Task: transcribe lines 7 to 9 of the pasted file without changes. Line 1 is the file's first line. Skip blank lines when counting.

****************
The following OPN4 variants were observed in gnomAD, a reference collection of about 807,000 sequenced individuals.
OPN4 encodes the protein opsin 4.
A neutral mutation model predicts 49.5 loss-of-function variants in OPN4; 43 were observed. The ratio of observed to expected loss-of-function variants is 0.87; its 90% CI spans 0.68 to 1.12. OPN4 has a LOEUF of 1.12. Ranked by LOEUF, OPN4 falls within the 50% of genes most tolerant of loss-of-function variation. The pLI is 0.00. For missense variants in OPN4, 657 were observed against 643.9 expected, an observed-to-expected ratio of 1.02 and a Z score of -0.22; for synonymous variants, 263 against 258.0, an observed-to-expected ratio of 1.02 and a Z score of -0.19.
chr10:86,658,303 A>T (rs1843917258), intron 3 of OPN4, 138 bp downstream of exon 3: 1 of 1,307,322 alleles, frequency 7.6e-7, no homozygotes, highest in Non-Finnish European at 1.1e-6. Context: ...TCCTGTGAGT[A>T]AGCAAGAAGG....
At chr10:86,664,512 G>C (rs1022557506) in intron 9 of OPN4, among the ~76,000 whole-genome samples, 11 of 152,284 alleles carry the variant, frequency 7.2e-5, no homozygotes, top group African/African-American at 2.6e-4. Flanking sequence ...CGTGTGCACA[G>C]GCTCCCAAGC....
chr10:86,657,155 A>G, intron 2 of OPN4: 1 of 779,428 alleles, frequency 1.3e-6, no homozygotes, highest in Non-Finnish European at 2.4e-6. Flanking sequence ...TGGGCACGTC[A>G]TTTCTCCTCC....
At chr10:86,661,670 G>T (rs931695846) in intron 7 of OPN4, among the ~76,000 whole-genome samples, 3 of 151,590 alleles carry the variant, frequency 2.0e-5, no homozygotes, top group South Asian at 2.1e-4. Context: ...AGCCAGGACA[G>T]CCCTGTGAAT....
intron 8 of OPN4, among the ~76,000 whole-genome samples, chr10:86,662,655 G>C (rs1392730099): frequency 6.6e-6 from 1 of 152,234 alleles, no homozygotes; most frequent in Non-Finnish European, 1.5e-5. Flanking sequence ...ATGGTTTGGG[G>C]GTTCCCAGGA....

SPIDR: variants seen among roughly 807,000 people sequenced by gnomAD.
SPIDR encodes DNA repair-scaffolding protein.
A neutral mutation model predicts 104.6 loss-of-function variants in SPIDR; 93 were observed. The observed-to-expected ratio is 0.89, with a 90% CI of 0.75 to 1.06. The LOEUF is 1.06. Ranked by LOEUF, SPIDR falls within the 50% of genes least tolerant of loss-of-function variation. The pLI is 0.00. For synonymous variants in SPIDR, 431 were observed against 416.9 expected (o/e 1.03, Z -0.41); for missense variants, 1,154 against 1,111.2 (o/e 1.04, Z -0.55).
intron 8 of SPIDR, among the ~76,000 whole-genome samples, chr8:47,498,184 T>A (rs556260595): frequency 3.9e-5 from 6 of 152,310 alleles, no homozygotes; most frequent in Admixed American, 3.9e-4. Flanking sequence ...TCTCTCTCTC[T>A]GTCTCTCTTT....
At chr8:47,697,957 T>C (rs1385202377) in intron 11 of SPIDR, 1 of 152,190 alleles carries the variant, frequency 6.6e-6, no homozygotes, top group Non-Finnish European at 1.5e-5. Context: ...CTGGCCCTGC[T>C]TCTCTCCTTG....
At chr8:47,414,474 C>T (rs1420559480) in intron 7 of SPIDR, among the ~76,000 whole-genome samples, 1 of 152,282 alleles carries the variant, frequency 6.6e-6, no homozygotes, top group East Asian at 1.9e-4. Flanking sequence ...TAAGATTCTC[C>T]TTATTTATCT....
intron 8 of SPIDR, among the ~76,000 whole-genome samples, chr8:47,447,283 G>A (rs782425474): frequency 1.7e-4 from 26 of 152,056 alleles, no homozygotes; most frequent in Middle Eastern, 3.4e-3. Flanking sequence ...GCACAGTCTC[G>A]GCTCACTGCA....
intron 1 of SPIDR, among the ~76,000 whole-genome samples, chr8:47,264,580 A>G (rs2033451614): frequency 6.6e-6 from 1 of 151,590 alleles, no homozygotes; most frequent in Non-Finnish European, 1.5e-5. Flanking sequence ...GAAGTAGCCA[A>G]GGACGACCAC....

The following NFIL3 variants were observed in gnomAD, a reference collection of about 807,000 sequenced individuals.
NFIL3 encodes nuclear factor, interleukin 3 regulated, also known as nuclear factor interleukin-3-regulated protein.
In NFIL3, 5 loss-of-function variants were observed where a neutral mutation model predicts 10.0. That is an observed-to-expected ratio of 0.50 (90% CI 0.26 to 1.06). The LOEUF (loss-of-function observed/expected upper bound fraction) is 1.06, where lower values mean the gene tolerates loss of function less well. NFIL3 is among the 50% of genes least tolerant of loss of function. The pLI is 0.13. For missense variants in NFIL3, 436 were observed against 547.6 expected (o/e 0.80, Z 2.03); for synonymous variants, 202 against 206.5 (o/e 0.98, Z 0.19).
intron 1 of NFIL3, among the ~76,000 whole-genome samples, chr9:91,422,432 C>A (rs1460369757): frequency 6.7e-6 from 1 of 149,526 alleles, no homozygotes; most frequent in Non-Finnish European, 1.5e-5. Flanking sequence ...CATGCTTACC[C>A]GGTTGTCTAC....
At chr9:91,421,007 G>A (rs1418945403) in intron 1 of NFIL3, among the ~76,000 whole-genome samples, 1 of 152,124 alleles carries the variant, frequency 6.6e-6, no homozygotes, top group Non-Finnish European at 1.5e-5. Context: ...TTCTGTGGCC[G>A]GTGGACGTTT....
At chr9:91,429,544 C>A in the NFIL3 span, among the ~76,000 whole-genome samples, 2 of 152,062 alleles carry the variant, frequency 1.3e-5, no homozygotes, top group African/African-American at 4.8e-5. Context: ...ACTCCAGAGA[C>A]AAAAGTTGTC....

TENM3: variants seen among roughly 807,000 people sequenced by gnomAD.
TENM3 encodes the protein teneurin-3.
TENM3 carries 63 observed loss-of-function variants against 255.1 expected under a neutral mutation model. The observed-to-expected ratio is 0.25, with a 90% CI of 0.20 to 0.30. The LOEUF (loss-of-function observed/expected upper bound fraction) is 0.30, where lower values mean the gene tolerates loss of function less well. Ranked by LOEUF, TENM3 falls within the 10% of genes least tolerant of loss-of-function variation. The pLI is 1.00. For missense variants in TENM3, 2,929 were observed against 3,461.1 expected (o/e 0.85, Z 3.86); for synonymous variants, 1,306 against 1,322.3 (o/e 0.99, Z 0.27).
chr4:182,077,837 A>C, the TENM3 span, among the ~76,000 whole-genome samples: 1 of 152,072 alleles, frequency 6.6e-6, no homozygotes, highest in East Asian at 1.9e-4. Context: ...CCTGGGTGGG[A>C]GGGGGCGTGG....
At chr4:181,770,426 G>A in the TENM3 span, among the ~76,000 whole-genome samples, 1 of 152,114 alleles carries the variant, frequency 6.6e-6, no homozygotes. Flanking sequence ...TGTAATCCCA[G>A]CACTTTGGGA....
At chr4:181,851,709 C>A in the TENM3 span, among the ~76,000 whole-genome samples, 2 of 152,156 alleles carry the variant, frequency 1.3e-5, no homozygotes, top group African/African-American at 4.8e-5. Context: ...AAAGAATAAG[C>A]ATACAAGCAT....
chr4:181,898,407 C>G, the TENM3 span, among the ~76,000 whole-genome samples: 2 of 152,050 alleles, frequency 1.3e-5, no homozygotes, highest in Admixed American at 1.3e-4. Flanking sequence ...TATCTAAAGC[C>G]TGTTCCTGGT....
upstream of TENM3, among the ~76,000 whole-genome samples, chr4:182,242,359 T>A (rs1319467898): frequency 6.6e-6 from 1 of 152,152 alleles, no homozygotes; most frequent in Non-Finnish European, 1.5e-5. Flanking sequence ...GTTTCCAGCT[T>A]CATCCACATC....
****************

At chr10:86,661,670 G>T (rs931695846) in intron 7 of OPN4, among the ~76,000 whole-genome samples, 3 of 151,590 alleles carry the variant, frequency 2.0e-5, no homozygotes, top group South Asian at 2.1e-4. Context: ...AGCCAGGACA[G>T]CCCTGTGAAT....
intron 8 of OPN4, among the ~76,000 whole-genome samples, chr10:86,662,655 G>C (rs1392730099): frequency 6.6e-6 from 1 of 152,234 alleles, no homozygotes; most frequent in Non-Finnish European, 1.5e-5. Flanking sequence ...ATGGTTTGGG[G>C]GTTCCCAGGA....

SPIDR: variants seen among roughly 807,000 people sequenced by gnomAD.